Mike Burgess

Caring Across Generations Building Campaign to Put Caregiving Issues on Public Agenda

Caring Across Generations, a coalition that began supporting home care workers, has expanded its focus and launched a national campaign to put issues related to caring for older and disabled persons on  national and state public policy agendas. Caring Across Generations was formed in 2011 by activists with the Domestic Workers Alliance and Jobs with Justice.  The coalition has 200 national organizations as members and 17 field partners along with 150,000 on its online supporters.  The organization is led by Ai-Jenn Poo who is on a national tour promoting her book The Age of Dignity which describes the issues related to the growing number of older persons and offers a platform for action.  She says in her book that there is  “a caregiver majority” in this country that needs to identify itself, build its power and promote policies that respect the dignity of older persons.   She says that a culture change is needed to shift how the country views caregiving.

The coalition held a national conference call on Tuesday night and also stressed that the campaign seeks to bridge the potential polarization in society of a growing older white population and a growing younger population of many races and ethnicities.  On the call, staffpersons said the coalition’s  goals are

– to create a better long term care system

– to develop a new approach to caregiving that respects workers and adds more caregiving jobs

– to promote policies that allow every person to have a choice of how they will age well

The New York StateWide Senior Action Council have been supportive of these goals and is exploring an alliance with the Caring Across Generations.   This blog and website were formed also in alliance with the national coalition.  Here in New York, we will be working in the coming months to bring together the labor and worker activists in the caregiver field with senior activists and those in the aging network who support informal caregiving by families and friends.  The campaign to enact paid family leave in New York State is currently becoming part of the effort to promote this key issue to support patients, families and caregivers and is providing an avenue to build the power of the caregiver majority.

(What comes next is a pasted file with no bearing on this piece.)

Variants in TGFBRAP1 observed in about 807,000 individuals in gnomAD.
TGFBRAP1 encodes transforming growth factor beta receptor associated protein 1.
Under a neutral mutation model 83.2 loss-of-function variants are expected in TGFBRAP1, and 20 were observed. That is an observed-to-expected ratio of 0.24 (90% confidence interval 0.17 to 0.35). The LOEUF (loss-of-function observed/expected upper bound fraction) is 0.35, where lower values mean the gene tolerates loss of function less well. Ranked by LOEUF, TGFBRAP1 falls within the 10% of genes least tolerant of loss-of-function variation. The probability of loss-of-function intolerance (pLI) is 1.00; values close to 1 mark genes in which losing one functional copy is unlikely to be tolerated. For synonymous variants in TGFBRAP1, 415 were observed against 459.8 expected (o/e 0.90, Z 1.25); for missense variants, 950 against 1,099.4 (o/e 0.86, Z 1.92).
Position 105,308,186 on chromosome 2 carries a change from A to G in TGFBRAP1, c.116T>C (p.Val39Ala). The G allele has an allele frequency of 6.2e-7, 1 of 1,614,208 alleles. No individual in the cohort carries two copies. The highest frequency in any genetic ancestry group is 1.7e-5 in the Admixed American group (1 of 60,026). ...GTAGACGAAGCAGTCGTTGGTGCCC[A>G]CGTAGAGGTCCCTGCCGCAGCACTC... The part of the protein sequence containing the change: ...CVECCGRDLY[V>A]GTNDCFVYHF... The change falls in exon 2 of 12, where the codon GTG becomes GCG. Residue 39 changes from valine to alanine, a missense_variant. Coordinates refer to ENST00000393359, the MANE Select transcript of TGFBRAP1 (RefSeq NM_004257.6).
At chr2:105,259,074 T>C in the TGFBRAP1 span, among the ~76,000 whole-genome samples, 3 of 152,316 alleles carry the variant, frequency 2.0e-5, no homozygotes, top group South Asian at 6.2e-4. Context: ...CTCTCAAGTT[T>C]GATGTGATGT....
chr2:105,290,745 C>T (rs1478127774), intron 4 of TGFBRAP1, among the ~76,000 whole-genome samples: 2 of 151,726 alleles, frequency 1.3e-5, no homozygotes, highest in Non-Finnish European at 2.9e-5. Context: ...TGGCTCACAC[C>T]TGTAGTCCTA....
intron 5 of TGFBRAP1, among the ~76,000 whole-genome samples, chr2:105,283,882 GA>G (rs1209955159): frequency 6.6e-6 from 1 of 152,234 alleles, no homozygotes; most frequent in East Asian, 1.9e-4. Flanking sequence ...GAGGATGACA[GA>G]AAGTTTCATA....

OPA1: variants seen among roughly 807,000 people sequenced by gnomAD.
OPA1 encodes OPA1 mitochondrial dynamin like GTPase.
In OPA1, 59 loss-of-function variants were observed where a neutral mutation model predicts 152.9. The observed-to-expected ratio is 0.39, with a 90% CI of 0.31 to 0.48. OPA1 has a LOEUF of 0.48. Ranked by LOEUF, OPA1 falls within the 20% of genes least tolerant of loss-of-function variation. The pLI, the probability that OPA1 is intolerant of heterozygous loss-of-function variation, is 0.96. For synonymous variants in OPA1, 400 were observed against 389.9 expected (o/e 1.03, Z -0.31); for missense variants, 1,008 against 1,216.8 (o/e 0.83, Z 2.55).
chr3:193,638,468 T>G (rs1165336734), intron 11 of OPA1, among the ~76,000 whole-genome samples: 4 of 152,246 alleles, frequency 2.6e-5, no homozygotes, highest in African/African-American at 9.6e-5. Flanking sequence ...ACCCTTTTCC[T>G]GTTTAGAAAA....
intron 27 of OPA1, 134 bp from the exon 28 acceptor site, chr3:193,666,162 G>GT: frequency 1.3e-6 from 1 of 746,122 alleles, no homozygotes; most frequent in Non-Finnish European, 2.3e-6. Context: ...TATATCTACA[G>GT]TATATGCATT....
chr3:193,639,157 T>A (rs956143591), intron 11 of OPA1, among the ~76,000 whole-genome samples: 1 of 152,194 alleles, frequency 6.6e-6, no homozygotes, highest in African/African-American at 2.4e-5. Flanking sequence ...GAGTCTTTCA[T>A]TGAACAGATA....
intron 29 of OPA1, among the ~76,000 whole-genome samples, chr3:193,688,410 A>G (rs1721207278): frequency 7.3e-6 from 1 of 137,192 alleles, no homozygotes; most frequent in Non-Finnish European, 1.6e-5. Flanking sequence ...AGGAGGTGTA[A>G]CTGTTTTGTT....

The next national conference call will be at 8:00 p.m. on June 9th.  You can contact the national field director Lisa Adler at to inquire about that call.  To read more about the coalition go to

Hospitals, Doctors Inviting Patients to Open Online Accounts to Review Health Records, Manage their Care

Getting access to your own medical records has been sometimes problematic in the past.  In fact, the New York State Office of Professional Medical Conduct in the Department of Health takes complaints from patients denied access to their records.  There are specific rules regarding the governing of the records in terms of how long they need to be kept and, also what information such as physician notes, etc which don’t have to be included.  For more information, click this link